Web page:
History of the Telemaster

The Telemaster was designed by Karl-Heinz Denzin while he, Denzin, was employed by Alexander Engel KG of Knittlingen, Germany. Older free flight modelers will recognize one of the design features which is the lifting stabilizer. Because of the lifting stabilizer, the usual balance point of "one-third of the wing chord aft of the leading edge" did not apply to Telemasters and modelers put the balance point anywhere from 40% of the chord to 50%.

At the time that the Telemaster was introduced into the USA market (guessing the late 1960's or early 70's) the digital proportional radio hadn't been invented and the usual control system was the reed system. Reeds required an airplane that flew itself a bit more than the later digital proportional required, so the lifting stabilizer was a pretty good match to the reed systems as the stab lifted a bit more when airspeed increased which caused the nose to drop somewhat and a more level flight path to be attained. This inherent stability also made (and still makes) the Telemaster a good trainer for beginning RCers.

The first Telemaster kits that were imported from Alexander Engel had conventional "D tube" leading edge wing sheeting. Sometime in the 70's (and the dates are hard to remember) there was a bad shortage of balsa wood which was caused by the building of huge tanker ships for liquified natural gas. At this time Alex Engel substituted Duracell sheeting for the balsa D tube cover. The Duracell was awful. We had a lot of complaints because the plastic sort of a hard foam cracked and broke when it was bent. So, future large Telemasters started to use wood stringers along the top surfaces of the leading edge. It seemed that these sub spars apparently produced a more even airflow over the wing and probably turned out to be an aerodynamic improvement.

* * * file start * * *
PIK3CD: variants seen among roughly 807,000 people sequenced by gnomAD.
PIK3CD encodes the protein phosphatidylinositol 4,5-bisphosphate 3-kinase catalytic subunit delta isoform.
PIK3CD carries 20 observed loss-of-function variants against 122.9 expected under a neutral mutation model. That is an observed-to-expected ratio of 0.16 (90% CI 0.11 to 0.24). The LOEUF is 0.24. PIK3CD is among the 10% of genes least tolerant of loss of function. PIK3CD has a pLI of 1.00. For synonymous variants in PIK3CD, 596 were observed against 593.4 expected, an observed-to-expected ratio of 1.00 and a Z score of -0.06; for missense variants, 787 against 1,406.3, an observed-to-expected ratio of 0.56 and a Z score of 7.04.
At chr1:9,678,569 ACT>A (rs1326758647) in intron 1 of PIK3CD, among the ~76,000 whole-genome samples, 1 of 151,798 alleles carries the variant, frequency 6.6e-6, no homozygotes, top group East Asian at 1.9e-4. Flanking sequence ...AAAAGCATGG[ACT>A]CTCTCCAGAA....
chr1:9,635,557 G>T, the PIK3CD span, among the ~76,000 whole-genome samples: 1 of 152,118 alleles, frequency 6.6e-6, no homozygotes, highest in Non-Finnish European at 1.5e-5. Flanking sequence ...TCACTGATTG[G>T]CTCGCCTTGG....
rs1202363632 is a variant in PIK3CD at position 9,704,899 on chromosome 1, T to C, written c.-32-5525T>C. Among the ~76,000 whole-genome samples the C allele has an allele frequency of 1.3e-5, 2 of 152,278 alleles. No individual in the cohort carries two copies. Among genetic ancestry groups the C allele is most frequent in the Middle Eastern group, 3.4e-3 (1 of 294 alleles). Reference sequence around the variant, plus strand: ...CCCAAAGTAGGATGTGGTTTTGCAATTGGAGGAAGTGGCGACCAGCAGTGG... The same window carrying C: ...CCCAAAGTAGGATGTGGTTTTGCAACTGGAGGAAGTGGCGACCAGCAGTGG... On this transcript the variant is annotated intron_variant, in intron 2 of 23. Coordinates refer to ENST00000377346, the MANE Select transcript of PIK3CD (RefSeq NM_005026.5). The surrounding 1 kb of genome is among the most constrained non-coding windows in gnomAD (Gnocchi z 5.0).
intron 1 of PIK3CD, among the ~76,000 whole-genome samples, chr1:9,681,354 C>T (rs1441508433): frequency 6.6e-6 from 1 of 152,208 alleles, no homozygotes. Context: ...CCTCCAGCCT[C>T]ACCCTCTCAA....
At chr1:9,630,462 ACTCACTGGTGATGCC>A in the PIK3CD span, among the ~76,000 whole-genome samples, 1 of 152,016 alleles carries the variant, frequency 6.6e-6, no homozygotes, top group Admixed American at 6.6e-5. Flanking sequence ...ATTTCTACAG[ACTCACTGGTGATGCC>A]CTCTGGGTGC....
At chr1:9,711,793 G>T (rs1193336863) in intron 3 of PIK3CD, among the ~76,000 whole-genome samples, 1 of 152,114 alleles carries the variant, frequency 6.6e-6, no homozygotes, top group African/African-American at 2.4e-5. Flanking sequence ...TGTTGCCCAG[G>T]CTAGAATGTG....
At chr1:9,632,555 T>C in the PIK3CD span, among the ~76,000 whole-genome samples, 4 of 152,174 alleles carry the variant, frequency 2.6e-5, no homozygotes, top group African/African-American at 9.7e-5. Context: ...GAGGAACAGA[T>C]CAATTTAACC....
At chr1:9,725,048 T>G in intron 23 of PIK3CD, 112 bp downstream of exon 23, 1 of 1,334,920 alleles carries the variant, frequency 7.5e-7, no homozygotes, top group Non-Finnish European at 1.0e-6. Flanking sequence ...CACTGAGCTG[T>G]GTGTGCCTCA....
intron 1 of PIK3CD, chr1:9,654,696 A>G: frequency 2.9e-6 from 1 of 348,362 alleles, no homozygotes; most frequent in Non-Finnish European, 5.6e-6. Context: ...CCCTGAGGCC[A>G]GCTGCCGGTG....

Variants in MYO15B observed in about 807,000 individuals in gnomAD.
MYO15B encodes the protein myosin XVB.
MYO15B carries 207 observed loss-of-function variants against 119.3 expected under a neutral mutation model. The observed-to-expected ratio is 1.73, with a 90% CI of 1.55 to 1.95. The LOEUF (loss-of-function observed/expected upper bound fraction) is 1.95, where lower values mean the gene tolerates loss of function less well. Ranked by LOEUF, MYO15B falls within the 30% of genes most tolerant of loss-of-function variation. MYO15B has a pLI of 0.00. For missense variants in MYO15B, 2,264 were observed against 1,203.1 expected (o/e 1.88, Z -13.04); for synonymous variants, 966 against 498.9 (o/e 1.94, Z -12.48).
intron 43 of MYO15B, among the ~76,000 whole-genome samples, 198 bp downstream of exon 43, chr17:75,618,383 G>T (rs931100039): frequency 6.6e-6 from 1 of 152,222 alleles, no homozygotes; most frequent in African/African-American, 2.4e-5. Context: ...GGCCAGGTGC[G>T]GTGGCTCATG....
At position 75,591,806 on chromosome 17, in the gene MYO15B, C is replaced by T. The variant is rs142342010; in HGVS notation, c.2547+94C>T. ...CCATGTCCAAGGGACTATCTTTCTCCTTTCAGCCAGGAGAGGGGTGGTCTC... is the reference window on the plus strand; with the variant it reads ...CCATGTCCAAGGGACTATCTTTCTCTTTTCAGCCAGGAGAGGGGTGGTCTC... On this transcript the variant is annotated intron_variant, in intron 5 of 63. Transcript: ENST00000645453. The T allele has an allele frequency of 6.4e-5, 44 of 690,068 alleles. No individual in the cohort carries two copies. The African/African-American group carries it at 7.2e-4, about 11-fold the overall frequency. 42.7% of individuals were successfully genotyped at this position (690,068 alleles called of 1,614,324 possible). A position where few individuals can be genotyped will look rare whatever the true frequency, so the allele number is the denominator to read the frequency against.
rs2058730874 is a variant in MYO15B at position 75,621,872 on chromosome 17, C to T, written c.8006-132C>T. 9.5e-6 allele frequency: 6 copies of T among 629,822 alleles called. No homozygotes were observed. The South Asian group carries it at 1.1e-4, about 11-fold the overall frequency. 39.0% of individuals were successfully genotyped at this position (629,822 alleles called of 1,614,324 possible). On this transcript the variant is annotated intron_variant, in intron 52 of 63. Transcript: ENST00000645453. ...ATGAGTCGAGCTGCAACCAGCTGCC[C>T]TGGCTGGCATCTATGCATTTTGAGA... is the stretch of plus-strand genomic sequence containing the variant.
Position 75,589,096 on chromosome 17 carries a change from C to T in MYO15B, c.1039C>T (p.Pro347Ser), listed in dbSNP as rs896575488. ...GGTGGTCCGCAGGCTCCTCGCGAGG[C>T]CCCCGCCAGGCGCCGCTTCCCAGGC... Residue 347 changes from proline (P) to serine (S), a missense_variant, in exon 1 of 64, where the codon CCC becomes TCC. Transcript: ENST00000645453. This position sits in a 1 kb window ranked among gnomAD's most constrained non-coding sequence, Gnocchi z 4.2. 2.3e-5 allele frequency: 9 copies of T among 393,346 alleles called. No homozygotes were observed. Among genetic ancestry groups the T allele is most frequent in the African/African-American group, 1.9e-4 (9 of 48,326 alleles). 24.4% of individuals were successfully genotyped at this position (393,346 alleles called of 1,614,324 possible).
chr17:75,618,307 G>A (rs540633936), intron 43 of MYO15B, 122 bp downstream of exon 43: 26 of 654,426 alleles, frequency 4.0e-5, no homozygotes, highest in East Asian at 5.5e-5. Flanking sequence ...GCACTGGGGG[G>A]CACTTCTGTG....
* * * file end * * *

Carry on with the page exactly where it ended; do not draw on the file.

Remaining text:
Telemaster was a German design and the original Telemaster kits were manufactured in Germany, but the name "Telemaster" has no German roots whatsoever. Tele comes from the Greek and Master is an English language word. The airplane could have been called Telemeister, which would have been Greek and German, but it wasn't, and the reason is that Alex Engel was a huge admirer of the United States of America. Alex had been a German soldier, a radar operator during WW2, and he was the operator who detected the huge Allied invasion of Sicily. Alex was captured by the Americans and ended up in a US POW camp in Nebraska where he got an English language dictionary. He studied English and became an interpreter for the US government. But he wanted to go home to Germany after the war and he returned to his home in Knittlingen which is a small town just north of Stuttgart.

An interesting thing about the Telemaster is that it was used to run “pull strings”, used as pilot leads to pull guy wires and electric wire over mountain ranges and other natural barriers in Europe. As of late the Telemaster has also become a tool used by scientists to do different atmospheric sampling tasks and aerial surveying. Also the Telemaster has become a popular subject for testing of autonomous flight controls. So it is really amazing how a 50 year old well-designed model still is so popular and to this day is venerated as a great design and keeps being used in new roles.